Take your students on a Science Safari

Every day is a great day for a science safari, when students go outside and explore the elements of science near their homes.  Besides allowing students their fill of fresh air and exercise, as seasons and weather patterns change, the neighborhood is constantly providing them with new scientific discoveries.  Two days ago, it stormed here in Texas. Today, I decided to head outside and see what I could find.

aerobic decomposition
aerobic decomposition

Biology is the study of living things.

These fallen tree branches are showing signs of decomposition including dried leaves and color changes.  This leads to great discussion about composting and Mother Nature’s circle of life. Some science vocabulary words to throw into the discussion include:

  • aerobic (with oxygen) decomposition. The decomposition that is taking place in this photo is aerobic decomposition. In aerobic decomposition, living organisms, which use oxygen, feed upon the organic matter. They use the nitrogen, phosphorus, some of the carbon, and other nutrients.
  • anaerobic (without oxygen) decomposition.
  • decomposition: the process of breaking down organic substances; bacteria and fungi help decompose organic matter.
  • organic of, relating to, or obtained from living things. These fallen tree branches came from a living tree and is, thus organic.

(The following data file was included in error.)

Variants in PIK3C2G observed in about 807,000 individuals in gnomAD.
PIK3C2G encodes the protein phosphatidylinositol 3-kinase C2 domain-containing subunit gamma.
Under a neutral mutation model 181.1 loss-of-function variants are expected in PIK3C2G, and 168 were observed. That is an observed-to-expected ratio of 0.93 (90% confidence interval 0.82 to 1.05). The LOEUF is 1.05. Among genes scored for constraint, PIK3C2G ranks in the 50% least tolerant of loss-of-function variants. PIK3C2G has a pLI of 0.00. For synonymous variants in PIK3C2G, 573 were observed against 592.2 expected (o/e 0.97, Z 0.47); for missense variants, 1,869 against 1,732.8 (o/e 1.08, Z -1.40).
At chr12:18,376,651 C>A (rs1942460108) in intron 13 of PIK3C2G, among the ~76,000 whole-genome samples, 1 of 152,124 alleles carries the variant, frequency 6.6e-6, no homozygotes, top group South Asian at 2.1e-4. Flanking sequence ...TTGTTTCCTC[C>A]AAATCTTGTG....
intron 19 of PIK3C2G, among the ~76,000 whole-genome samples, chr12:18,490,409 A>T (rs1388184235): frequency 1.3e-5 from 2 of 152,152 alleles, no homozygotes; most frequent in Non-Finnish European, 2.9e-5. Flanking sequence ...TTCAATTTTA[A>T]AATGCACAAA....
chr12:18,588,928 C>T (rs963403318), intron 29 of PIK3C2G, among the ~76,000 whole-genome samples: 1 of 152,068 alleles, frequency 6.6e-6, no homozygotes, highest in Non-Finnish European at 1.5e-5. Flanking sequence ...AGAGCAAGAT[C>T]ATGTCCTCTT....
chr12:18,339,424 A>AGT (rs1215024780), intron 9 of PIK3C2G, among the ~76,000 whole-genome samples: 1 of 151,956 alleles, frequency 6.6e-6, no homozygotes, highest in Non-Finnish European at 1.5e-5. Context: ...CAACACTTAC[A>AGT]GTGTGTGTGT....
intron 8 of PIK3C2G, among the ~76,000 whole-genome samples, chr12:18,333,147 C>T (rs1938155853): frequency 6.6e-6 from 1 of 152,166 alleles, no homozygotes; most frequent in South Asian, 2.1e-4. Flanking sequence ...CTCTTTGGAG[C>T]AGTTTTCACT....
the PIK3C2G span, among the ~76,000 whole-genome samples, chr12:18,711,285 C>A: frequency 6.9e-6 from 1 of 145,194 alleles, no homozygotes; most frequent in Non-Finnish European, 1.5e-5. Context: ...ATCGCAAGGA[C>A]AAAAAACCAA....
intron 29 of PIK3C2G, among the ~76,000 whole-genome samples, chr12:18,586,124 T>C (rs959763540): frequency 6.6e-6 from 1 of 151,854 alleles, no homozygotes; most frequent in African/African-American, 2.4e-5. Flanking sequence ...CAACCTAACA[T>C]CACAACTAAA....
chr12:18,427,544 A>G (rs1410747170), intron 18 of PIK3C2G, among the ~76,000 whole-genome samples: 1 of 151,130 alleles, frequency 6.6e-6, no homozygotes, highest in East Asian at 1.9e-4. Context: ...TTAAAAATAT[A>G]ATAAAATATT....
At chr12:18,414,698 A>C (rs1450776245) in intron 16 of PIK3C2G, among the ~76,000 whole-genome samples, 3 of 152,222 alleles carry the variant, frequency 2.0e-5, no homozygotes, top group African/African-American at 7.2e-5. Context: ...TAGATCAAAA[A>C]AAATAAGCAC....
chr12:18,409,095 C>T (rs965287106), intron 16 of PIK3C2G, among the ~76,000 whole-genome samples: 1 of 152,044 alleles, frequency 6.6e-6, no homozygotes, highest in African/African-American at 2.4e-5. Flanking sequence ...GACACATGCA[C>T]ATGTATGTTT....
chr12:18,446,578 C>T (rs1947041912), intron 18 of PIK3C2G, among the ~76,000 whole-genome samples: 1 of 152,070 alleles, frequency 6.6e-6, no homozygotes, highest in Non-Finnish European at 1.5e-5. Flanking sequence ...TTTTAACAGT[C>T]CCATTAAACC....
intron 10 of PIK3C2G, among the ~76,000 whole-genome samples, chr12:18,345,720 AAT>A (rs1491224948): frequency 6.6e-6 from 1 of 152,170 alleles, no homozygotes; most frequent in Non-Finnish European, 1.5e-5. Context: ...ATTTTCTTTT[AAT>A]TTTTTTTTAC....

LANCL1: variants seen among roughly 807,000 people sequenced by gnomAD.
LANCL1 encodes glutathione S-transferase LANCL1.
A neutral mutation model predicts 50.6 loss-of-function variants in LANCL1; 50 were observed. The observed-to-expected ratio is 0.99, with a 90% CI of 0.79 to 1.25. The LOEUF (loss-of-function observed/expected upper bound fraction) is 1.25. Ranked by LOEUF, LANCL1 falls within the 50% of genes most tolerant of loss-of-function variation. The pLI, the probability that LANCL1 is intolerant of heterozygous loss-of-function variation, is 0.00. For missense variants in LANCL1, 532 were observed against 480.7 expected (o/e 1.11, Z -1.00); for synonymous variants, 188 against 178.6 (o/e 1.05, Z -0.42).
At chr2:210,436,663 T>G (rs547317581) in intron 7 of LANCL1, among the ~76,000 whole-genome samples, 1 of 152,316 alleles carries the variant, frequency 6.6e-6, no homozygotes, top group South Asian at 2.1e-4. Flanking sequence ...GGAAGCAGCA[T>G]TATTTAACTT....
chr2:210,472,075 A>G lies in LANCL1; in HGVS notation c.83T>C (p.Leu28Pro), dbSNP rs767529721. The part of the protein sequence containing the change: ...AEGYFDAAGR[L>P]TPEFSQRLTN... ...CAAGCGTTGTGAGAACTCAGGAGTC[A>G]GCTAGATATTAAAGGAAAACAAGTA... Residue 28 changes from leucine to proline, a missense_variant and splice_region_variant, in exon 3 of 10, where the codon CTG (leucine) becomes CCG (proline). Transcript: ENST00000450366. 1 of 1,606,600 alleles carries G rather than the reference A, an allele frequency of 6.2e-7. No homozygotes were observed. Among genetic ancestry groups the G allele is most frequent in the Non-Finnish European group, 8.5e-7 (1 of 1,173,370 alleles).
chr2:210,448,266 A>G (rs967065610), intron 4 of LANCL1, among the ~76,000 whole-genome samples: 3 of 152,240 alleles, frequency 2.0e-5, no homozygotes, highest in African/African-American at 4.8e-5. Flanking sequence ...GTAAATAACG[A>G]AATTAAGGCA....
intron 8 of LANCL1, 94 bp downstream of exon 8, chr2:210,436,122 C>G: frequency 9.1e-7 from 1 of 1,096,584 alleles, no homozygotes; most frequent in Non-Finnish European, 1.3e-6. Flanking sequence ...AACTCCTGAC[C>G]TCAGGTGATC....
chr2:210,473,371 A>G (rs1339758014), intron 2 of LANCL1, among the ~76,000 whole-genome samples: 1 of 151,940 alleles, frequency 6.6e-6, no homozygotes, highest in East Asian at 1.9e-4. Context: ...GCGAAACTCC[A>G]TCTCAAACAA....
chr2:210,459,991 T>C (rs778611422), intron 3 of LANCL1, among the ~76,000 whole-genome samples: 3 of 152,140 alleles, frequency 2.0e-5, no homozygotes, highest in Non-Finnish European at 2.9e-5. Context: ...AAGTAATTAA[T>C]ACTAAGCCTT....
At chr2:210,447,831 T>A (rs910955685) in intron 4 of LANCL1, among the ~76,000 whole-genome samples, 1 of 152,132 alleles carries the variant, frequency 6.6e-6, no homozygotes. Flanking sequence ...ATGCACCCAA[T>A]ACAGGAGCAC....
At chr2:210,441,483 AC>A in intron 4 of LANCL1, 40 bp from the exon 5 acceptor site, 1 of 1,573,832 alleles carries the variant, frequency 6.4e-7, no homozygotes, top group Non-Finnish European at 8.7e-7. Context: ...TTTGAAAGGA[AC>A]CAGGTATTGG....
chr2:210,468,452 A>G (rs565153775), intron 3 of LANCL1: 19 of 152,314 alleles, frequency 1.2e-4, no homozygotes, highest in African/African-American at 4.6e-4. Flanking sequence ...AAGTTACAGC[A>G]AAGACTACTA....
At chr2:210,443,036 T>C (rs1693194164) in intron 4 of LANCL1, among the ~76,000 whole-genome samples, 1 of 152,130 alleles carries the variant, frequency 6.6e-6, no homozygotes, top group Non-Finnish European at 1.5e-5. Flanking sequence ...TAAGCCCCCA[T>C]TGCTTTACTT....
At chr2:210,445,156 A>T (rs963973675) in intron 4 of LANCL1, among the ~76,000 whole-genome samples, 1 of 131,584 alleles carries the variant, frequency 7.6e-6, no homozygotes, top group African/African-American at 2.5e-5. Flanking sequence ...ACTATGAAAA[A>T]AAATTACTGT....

Physical science is the study of matter, energy, force and motion.

These two tractors are made up of several simple machines that come together to make it easier for workers to clear this construction site.

Simple machines
Simple machines
  • fixed pulley A pulley that doesn’t move. The pulley on a flagpole is a fixed pulley. The pulley doesn’t move to another place. It just sits at the top of the pole. The rope around it moves as someone pulls it.
  • force A push or a pull. When you push open a door, you use force on the door. When you pull on a drawer handle, you use force on the handle. The force makes the objects move.
  • friction A force between two surfaces that are touching; friction works against motion.
  • fulcrum The support that a lever turns around. The fulcrum can be close to the load or far from it. The closer it is to the load, the easier it is to lift the load. gear A wheel with teeth. If you could see the inside of a clock that has hands, you would see that it has gears. When one wheel turns, it makes other wheels turn. A big wheel and a little wheel turning at different speeds make the hour hand and the minute hand turn at different speeds.
  • pulley A simple machine made of a grooved wheel with a rope or chain wrapped around it. Pulleys let you lift objects into the air. They can even let you use less force to lift heavy objects.
  • simple machine A tool that makes it easier to move objects. Inclined planes, screws, and wedges are all simple machines. Simple machines often let you do a job using less force than it would take you to do the job without the simple machine.
  • wheel and axle A simple machine made of a round object (the wheel) that turns around a rod (the axle). When a bus driver turns the steering wheel, she can turn the whole bus. She uses a small force to turn the big wheel. A smaller axle attached to the wheel turns a shorter distance but with more force.
Native tree
Native tree

Botany the branch of science that deals with plant life.

Texas native tree: Southern Magnolia This regal beauty features magnificent blossoms in white, pink, red, purple, or yellow. Magnolia trees are diverse in leaf shape and plant form, and they include both evergreen and deciduous sorts.